E‐learning for aerospace apprentices studying materials engineering: a teacher’s perspective

Inam, Fawad (2012) E‐learning for aerospace apprentices studying materials engineering: a teacher’s perspective. In: 4th International Materials Education Symposium, 12-13 April, 2012, Cambridge, UK.

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E-learning represents manifestation of the imperative for materials education to respond to the consumer (employer and students) orientation that impels so much of our society today. The real strength of internet, a global tool, cannot be exploited when it comes to online learning (including collaboration) for industrial apprentices employed full-time. A personal reflection in the light of a comprehensive statistical analysis is presented. Fifty six (56) higher education engineering students, working for a local aerospace industry (Airbus), were surveyed who recently studied materials science and engineering using carefully moderated part-online modules. Pedagogies and various practices of delivering synchronous and asynchronous online activities are presented. Appropriate feedback (timely constructive criticism) and e-moderated edutainment (learning by multi-media) were identified as the most efficient aspects of successful online materials biased programmes. Further enhancement in the interactive content is suggested for enhancing the learning process. Students’ learning needs can further be accommodated in elearning context by empowering learners, maximising the use of social media and online-forums, developing range of digital literacies (e.g. virtual tensile testing laboratory for HE students, (www.mse.4mg.com), treating learners as managers of their own learning, supporting use of learners own technology (smart phone apps) and being inclusive and very clear on expectations - how learners manage in a digitally complex environment. Tools for conducting interactive and development provoking assessments (summative and formative) are summarised. Challenges (institutional and general barriers) for successful implementation of open and distance learning are presented. Some of the major ones are: a) lack of funding for novel/ experimental technology; b) compromising individual learner needs; c) lack of consumer demand and appreciation among wider participation; d) online learning not replacing development of personal interactive and augmentative skills; and e) lack of awareness of e-platforms and tools among academia.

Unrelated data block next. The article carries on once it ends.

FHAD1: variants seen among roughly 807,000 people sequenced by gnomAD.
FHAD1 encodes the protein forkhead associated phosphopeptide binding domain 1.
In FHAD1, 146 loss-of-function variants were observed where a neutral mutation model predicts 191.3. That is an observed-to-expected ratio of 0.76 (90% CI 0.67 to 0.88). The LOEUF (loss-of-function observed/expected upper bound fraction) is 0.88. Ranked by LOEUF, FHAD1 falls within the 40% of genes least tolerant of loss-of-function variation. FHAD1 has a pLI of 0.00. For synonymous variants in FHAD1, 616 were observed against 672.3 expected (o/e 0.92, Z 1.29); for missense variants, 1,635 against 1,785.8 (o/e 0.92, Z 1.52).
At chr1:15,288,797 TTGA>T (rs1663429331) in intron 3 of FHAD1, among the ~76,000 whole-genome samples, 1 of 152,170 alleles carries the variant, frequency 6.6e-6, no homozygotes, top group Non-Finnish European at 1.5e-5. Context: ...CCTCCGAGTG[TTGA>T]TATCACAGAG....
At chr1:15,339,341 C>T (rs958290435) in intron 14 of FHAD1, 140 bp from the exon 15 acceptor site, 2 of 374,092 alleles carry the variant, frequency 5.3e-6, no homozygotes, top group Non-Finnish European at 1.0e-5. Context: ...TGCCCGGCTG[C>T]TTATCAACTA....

Item Type: Conference or Workshop Item (Poster)
Subjects: H300 Mechanical Engineering
H400 Aerospace Engineering
X200 Research and Study Skills in Education
X900 Others in Education
Department: Faculties > Engineering and Environment > Mechanical and Construction Engineering
Depositing User: Fawad Inam
Date Deposited: 24 May 2013 14:00
Last Modified: 13 Oct 2019 00:31
URI: http://nrl.northumbria.ac.uk/id/eprint/12649

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